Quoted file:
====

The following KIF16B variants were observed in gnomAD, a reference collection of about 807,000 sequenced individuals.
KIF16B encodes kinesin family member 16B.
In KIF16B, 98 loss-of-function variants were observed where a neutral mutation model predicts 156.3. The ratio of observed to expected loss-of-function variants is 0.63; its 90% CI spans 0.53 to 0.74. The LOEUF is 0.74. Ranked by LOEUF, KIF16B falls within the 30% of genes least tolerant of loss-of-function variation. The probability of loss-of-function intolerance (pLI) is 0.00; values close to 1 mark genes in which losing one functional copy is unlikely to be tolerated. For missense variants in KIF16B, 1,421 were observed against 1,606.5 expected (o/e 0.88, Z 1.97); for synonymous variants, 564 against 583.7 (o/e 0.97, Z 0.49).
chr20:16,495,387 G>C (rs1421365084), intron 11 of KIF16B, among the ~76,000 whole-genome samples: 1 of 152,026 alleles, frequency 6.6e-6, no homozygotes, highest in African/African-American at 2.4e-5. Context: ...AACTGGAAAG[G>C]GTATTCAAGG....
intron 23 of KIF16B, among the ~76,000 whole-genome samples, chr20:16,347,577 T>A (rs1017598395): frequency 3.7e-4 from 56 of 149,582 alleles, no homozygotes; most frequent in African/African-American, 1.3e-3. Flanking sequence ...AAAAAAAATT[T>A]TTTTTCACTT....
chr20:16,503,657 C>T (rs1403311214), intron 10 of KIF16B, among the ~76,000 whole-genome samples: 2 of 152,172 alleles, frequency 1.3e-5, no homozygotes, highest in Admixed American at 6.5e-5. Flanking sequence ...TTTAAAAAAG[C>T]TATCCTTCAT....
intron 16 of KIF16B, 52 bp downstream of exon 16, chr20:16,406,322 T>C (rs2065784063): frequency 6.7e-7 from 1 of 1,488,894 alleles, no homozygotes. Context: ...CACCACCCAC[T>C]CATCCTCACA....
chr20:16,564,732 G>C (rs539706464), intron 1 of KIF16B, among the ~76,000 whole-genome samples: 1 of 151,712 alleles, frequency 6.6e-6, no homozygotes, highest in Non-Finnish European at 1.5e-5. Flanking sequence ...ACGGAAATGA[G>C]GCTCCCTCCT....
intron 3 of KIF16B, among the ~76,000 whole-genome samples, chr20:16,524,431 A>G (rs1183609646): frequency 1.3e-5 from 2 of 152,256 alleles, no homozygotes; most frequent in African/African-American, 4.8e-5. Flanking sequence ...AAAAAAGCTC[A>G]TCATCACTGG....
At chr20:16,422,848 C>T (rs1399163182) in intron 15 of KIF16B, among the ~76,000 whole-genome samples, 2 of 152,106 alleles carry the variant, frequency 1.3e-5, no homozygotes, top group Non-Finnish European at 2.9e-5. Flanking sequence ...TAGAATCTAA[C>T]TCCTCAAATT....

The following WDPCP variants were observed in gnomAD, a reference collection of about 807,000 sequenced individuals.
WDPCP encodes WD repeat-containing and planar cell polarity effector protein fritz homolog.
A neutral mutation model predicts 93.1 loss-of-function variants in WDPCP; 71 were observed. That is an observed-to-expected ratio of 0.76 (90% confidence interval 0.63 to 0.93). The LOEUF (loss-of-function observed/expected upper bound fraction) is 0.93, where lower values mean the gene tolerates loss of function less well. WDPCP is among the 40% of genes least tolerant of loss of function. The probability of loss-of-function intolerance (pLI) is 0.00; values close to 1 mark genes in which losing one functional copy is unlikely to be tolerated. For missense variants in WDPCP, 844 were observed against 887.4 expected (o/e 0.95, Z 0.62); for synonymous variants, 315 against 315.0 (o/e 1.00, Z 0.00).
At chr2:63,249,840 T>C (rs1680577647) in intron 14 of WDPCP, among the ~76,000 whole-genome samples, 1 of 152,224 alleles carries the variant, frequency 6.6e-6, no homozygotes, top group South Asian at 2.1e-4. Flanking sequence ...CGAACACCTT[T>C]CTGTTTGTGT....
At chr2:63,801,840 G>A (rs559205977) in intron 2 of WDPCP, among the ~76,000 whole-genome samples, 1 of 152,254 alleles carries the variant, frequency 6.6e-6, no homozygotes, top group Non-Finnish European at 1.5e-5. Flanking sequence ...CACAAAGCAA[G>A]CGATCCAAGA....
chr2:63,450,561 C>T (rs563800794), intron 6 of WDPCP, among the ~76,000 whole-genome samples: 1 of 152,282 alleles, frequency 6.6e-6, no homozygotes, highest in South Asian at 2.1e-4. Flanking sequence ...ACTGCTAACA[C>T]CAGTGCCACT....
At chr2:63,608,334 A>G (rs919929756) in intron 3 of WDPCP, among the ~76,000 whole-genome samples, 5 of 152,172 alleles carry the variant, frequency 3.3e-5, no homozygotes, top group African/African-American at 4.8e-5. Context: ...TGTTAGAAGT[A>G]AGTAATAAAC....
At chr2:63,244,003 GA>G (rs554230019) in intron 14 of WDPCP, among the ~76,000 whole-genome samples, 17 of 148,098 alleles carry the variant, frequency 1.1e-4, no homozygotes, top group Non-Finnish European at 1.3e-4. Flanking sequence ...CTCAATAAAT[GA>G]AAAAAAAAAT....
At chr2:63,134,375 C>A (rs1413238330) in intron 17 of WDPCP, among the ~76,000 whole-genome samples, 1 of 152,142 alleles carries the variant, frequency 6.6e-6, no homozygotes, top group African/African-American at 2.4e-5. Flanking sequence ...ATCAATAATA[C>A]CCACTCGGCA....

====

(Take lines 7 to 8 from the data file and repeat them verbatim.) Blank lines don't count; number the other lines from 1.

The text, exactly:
intron 16 of KIF16B, 52 bp downstream of exon 16, chr20:16,406,322 T>C (rs2065784063): frequency 6.7e-7 from 1 of 1,488,894 alleles, no homozygotes. Context: ...CACCACCCAC[T>C]CATCCTCACA....
chr20:16,564,732 G>C (rs539706464), intron 1 of KIF16B, among the ~76,000 whole-genome samples: 1 of 151,712 alleles, frequency 6.6e-6, no homozygotes, highest in Non-Finnish European at 1.5e-5. Flanking sequence ...ACGGAAATGA[G>C]GCTCCCTCCT....